When English journalist Graham Holliday got tired of his office job in the U.K., he knew he wanted a change — a big one.

So he packed up and moved to Asia, first to Korea to teach English and ultimately, to the place that would be his home for nine years: Vietnam. As soon as he arrived, he was determined to immerse himself in Vietnamese culture — and for him, that meant food.

Want to live to be 100? It's tempting to think that with enough omega-3s, kale and blueberries, you could eat your way there.

But one of the key takeaways from a new book on how to eat and live like "the world's healthiest people" is that longevity is not just about food.

Copyright 2015 KERA Unlimited. To see more, visit http://www.kera.org/.

Transcript

TAMARA KEITH, HOST:

Just across the border from Nogales, Ariz., rows of northbound trucks line up for inspection. Over half of the produce that's grown in Mexico and imported — $4 billion worth — comes through this border crossing. Most gets distributed to all parts of the U.S. and Canada, but some fruits and vegetables get rejected before they leave the city of Nogales.

Last week, Amanda Hess at Slate laid out the evolution of a situation truly distressing to our food-loving hearts: Over the past couple of years, it seems, the purple, elongated eggplant found on the emoji keyboard on smartphones "has risen to become America's dominant phallic fruit."

We've said it before, and we'll say it again: We consume a lot more sugar than is good for our health. Because of this, the next generation of Americans will struggle with obesity and diabetes more than any other. The most obvious culprit is the added sugar in sodas and other sugary beverages, like sports drinks or teas.

A nationwide recall has been announced for some 30,000 cases of hummus made by the Sabra company, due to possible contamination. The FDA says the recall is voluntary and no illnesses have been reported.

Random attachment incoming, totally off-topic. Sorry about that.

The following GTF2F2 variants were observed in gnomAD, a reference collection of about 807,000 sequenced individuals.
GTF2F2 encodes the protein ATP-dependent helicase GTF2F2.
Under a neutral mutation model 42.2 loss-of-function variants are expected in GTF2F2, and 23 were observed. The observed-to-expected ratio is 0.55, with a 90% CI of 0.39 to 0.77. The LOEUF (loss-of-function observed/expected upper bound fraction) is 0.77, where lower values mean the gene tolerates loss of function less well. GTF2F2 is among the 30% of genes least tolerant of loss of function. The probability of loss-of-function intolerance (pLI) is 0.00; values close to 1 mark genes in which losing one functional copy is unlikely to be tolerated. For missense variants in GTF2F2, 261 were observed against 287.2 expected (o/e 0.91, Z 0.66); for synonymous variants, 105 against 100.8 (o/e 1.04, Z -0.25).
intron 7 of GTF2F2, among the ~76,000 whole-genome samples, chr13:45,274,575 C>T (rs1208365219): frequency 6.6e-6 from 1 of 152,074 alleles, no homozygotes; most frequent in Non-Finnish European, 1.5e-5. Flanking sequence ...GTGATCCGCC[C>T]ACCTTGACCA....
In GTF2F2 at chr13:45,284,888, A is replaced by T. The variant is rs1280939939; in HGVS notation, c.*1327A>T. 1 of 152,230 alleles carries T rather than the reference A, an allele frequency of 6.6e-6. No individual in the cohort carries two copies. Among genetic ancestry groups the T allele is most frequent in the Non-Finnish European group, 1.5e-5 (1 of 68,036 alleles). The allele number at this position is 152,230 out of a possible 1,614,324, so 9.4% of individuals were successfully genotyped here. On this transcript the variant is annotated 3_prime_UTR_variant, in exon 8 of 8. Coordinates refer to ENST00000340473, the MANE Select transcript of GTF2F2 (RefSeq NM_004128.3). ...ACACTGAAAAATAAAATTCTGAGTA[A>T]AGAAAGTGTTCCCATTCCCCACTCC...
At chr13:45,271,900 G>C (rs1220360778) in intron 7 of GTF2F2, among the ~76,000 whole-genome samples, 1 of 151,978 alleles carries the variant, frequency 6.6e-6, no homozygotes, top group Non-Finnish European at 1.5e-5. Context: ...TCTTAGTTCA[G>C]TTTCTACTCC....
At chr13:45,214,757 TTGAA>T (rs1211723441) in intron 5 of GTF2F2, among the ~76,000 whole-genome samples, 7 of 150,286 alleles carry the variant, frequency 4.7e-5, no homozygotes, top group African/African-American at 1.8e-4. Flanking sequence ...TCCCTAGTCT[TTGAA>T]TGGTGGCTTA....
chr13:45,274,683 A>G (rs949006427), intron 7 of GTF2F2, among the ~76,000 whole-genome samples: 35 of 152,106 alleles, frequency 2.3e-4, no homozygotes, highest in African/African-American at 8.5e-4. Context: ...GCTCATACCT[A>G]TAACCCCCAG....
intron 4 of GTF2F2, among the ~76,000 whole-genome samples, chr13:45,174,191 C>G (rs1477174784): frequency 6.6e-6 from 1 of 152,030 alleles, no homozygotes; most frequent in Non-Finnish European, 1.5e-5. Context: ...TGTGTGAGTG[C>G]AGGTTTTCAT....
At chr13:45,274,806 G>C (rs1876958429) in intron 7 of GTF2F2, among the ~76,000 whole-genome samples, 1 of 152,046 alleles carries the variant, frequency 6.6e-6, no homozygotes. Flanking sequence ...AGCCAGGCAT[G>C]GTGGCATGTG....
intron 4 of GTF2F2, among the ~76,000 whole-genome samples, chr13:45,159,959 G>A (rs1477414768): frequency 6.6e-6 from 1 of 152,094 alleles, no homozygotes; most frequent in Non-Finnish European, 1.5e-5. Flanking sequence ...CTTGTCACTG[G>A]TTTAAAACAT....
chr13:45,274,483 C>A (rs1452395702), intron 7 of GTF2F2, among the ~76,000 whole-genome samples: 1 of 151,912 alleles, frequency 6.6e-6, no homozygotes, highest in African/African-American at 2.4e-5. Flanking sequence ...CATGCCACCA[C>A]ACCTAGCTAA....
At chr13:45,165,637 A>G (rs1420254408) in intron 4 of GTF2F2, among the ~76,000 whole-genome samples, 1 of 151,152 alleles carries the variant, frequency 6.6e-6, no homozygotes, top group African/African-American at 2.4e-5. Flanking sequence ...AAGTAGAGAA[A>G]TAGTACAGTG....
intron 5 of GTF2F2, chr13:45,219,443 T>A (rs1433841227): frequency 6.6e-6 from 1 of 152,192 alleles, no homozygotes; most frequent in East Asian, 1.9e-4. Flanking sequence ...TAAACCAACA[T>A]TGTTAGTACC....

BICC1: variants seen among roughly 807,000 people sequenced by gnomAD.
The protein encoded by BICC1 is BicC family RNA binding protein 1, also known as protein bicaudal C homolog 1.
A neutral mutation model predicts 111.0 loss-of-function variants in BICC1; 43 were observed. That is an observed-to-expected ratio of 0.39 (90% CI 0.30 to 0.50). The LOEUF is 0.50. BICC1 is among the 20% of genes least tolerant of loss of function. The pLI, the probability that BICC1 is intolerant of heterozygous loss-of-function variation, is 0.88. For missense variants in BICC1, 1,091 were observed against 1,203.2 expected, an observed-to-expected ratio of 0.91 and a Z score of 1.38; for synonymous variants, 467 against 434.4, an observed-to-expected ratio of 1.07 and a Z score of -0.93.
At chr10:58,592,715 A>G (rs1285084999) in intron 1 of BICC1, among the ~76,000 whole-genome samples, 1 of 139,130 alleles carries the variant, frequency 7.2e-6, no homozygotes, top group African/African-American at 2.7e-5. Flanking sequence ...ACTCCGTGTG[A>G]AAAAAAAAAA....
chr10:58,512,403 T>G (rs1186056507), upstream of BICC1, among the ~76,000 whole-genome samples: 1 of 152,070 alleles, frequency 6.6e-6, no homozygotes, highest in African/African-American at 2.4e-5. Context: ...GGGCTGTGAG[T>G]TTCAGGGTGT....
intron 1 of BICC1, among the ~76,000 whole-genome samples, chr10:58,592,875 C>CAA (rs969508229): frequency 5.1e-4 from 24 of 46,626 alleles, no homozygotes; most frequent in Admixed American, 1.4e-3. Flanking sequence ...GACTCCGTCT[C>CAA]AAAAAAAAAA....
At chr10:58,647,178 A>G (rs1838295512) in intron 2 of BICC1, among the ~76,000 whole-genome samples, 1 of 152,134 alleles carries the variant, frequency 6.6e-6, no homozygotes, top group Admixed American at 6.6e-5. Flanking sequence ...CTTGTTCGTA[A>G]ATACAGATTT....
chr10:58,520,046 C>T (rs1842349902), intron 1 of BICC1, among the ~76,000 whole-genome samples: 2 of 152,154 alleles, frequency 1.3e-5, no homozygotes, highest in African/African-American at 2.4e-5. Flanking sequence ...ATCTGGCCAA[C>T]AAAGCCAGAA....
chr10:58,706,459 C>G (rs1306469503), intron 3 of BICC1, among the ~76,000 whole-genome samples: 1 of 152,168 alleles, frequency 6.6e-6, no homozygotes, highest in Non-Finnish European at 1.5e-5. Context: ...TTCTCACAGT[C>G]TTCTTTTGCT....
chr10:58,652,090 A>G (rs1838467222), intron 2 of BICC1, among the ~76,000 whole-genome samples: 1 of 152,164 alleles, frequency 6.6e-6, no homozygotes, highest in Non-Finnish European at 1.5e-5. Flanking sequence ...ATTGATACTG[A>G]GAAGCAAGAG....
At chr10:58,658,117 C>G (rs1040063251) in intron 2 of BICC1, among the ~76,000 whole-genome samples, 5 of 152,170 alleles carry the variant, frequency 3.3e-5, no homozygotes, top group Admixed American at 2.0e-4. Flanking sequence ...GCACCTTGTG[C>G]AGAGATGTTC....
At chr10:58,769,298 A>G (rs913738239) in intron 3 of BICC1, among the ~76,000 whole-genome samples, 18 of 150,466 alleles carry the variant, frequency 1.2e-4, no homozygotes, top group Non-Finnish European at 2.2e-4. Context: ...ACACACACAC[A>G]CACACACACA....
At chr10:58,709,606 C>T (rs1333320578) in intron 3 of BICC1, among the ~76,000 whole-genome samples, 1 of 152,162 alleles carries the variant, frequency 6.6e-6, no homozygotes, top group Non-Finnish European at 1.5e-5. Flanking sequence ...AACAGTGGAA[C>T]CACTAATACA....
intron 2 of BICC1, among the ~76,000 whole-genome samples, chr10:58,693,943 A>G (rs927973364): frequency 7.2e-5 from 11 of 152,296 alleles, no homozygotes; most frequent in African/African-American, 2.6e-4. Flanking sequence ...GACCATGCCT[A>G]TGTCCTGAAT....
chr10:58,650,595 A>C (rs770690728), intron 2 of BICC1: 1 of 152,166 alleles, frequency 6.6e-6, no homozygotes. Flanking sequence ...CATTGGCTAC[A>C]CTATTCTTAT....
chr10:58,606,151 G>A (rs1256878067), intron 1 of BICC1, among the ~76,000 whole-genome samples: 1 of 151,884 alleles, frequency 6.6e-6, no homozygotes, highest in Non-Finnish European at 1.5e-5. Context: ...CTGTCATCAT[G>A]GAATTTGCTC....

The recall covers several products with a "best by" date of May 11 or May 15 (see details below). The products are predominantly the "Classic" variety of the hummus, in a range of sizes.

The FDA says anyone who has bought the packages should either dispose of them or take them back to retailers for a refund.

Would you be willing to hand over your health information to a life insurance company, in exchange for financial rewards?

Activity trackers have become increasingly popular over the past few years, tracking everything from how many steps you walk to your location throughout the day.

In a tiny Northern California town called Vina, there's a winery that's definitely off the beaten track. That might be because this region's better known for olive groves and cattle ranches than grapes. For these, vintners, though, it's spiritual work.

This month, the Navajo Nation did something that no other tribe has successfully done and only Berkeley, Calif., has passed something similar: taxing junk food and soda.

It is an attempt by Navajo leaders to trim obesity rates that are almost three times the national average. But half of the tribe is unemployed and say they can't afford more expensive food.

McDonald's has been struggling in recent years to keep pace with fast-casual chains like Five Guys and Chipotle Mexican Grill.

So the fast-food giant is testing different menu options to lure back customers. Starting later this month, McDonald's diners will be able to choose a $4.99 sandwich — the Sirloin Third Pound burger.

John Hancock announced a new program promising discounts for policyholders who wear a fitness tracker, exercise more and go to the doctor. The life insurance company says that if people live longer healthier lives, everybody wins. But privacy advocates worry about all the electronic monitoring.

Here's how popular craft brewed beer is these days: On average, a new brewery opens its doors every single day in the the U.S.

Coffee and tea both landed in the British isles in the 1600s. In fact, java even got a head start of about a decade. And yet, a century later, tea was well on its way to becoming a daily habit for millions of Britons — which it remains to this day.

So how did tea emerge as Britain's hot beverage of choice?

When Gov. Jerry Brown announced the largest mandatory water restrictions in California history April 1 while standing in a snowless field in the Sierra Nevada, he gave hardly a mention to farms.